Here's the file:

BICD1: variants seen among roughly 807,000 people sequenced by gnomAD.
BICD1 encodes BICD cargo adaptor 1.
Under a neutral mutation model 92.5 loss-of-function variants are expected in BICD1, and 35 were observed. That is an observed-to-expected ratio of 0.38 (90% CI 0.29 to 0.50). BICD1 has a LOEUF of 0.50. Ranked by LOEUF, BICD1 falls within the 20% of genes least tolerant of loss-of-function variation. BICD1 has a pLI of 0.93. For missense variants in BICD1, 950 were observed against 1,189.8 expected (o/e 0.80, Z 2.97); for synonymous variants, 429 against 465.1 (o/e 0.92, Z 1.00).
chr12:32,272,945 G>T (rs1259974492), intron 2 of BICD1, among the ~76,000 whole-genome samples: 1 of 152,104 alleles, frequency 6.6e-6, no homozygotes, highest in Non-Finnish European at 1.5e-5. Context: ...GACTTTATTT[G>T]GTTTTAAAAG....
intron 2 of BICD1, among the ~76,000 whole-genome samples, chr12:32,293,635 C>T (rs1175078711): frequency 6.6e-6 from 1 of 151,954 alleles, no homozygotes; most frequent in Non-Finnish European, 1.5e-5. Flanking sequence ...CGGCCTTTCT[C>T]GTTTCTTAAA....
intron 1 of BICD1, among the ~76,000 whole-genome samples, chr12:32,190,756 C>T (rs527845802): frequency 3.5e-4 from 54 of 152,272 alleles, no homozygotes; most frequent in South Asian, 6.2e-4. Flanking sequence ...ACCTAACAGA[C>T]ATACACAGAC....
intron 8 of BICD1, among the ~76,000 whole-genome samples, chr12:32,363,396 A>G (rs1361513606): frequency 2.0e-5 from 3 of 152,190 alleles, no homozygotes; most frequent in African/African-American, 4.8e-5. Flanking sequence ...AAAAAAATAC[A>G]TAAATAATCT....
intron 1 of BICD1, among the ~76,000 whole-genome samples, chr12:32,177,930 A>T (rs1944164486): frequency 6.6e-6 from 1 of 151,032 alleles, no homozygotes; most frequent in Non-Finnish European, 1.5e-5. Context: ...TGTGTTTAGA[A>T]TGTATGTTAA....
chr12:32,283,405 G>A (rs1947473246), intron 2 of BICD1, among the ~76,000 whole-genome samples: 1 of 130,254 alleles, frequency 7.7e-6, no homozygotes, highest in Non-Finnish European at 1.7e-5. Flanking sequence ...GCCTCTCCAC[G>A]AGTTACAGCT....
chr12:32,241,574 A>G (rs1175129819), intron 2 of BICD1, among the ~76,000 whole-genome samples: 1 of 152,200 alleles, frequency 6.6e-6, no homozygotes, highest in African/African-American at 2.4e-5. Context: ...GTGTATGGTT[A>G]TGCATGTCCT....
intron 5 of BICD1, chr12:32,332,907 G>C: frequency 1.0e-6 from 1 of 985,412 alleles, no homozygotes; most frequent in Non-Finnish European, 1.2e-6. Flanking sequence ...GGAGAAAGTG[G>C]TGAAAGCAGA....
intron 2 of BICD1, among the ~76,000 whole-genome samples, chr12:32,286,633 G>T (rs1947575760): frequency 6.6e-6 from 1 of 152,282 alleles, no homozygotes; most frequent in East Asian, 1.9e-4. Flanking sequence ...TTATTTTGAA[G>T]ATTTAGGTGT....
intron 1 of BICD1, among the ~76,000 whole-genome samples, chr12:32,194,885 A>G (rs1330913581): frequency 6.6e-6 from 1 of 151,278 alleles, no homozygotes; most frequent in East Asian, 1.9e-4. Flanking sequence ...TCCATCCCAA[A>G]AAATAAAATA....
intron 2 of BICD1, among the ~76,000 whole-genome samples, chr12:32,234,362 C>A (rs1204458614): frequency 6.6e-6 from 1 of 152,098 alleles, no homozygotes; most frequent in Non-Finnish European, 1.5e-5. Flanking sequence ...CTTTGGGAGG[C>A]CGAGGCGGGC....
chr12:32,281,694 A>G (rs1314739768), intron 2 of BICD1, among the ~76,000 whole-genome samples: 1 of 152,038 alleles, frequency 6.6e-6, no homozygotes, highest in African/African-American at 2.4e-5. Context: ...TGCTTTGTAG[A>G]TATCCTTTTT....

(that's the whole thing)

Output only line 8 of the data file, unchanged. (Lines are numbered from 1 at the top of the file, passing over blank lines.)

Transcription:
intron 1 of BICD1, among the ~76,000 whole-genome samples, chr12:32,177,930 A>T (rs1944164486): frequency 6.6e-6 from 1 of 151,032 alleles, no homozygotes; most frequent in Non-Finnish European, 1.5e-5. Context: ...TGTGTTTAGA[A>T]TGTATGTTAA....